My wife, bless her heart, recently stated that I look as good now as I did 30 years ago.  Of course, that’s not true, but I appreciate the sentiment.  Perhaps she believes what she said, for being no spring chicken herself, her vision is not what it used to be. 

Denial is a handy psychological tool when dealing with senior citizenship.  Last week, while cleaning out the basement, I came across a pair of bell bottomed pants that must date back to at least the 1970s.  Just out of curiosity I tried them on.  The waist and the thighs were tight; in fact, I had a hard time breathing until I loosened some buttons.  Putting the pants aside, I rationalized that over the last forty or so years the material has shrunk. 

On the positive side, I’m now able to get all kinds of good things at discount prices, including food, drinks, and hotel rooms.  Of course, when the person working at the desk tells me that I’m getting a discount, he or she gets very close to my face and practically yells, but at least I get called “honey” or “sweetheart,” or “dear.”  That’s fine, just as long as they call me for supper.

One thing’s for certain: If I had known that I’d live this long I would have taken much better care of myself.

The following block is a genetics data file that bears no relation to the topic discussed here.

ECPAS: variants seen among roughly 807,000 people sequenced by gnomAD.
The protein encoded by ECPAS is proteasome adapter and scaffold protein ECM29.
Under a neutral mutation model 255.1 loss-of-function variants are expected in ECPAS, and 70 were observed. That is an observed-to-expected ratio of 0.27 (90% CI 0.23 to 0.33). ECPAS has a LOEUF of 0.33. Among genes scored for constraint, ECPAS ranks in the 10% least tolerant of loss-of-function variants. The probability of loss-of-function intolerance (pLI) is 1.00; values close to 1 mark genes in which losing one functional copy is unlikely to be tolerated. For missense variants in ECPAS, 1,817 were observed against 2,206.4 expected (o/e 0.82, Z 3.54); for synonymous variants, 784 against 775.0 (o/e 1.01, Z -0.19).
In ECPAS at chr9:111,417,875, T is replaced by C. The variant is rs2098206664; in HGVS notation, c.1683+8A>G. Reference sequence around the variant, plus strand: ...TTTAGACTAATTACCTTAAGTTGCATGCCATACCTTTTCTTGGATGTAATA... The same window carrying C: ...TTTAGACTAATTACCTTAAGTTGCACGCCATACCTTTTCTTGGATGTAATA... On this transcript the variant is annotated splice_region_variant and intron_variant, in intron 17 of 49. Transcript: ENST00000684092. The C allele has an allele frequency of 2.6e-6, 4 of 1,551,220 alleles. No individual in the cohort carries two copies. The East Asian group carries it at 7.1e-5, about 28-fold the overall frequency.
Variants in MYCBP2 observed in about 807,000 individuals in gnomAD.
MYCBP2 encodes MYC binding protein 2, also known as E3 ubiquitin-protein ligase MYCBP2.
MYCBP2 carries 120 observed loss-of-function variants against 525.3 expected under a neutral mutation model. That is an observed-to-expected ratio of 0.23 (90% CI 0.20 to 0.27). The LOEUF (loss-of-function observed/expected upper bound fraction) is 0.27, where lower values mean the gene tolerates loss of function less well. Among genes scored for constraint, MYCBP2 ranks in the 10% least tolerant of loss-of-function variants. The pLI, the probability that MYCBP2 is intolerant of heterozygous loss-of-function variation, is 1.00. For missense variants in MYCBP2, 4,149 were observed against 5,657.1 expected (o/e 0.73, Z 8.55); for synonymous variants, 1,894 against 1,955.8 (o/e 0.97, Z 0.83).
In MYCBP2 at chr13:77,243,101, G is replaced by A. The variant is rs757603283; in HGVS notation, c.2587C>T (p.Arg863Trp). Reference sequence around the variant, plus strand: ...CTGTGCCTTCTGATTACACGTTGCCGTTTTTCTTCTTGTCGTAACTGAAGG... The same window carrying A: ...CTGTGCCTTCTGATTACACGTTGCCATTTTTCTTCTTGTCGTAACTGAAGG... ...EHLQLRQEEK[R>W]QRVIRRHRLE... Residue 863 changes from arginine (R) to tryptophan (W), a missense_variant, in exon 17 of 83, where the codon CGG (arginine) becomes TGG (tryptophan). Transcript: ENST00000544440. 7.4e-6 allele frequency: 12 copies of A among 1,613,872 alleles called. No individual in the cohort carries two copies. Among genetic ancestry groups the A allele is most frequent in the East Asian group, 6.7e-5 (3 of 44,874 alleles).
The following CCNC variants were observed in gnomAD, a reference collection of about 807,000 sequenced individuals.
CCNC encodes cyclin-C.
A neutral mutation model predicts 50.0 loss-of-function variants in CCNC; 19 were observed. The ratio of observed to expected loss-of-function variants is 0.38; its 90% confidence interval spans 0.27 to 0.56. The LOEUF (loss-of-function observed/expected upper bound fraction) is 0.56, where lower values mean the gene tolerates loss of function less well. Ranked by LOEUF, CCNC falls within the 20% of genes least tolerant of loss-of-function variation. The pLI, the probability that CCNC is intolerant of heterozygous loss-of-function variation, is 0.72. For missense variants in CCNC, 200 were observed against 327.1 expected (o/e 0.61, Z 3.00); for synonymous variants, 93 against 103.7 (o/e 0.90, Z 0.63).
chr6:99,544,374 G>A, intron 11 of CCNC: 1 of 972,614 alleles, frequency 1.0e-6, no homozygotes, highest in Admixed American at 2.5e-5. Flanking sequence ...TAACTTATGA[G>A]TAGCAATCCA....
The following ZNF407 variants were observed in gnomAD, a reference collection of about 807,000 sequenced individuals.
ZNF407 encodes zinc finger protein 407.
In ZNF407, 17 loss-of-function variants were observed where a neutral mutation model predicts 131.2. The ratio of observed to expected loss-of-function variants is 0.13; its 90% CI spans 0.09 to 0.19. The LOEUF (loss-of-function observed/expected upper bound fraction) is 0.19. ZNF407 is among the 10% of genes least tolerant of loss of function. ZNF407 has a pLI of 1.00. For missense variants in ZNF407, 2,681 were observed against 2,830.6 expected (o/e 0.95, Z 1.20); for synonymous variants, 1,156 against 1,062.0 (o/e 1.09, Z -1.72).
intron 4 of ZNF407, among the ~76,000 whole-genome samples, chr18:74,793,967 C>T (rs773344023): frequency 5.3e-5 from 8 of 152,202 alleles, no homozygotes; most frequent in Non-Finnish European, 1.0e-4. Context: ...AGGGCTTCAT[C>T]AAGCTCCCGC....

Wednesday, November 11, 2015

Laughter: The Best Medicine

* A farmer and his family lived an isolated life.  For the first time they visited the big city.  While the wife was shopping in another part of the department store, the father and son were mesmerized by two steel doors that opened, revealing a box in which people would walk into before the doors shut once again.  As they watched, an elderly lady went into the box.  The doors shut, but in thirty seconds they opened again, and out walked a beautiful twenty-something gal.  This seemed like magic to the farmer.  Looking at his son, he commanded: “Quick, go get your mom!”

* A burglar was sorting through a bedroom drawer when he heard a voice: “Jesus is watching you!”  Seeing no one around, he continued to do his thing.  Once again the voice said: “Jesus is watching you!”  Eventually, the burglar located a parrot in the corner of the room.  “Did you say that Jesus is watching me?” he asked the bird.  “Yep,” the bird replied.  “What’s your name, bird?”  “My name is Moses.”  “What kind of family would name a bird Moses?” the burglar pondered.  The parrot replied: “The same kind of family that names its rottweiler ‘Jesus.’”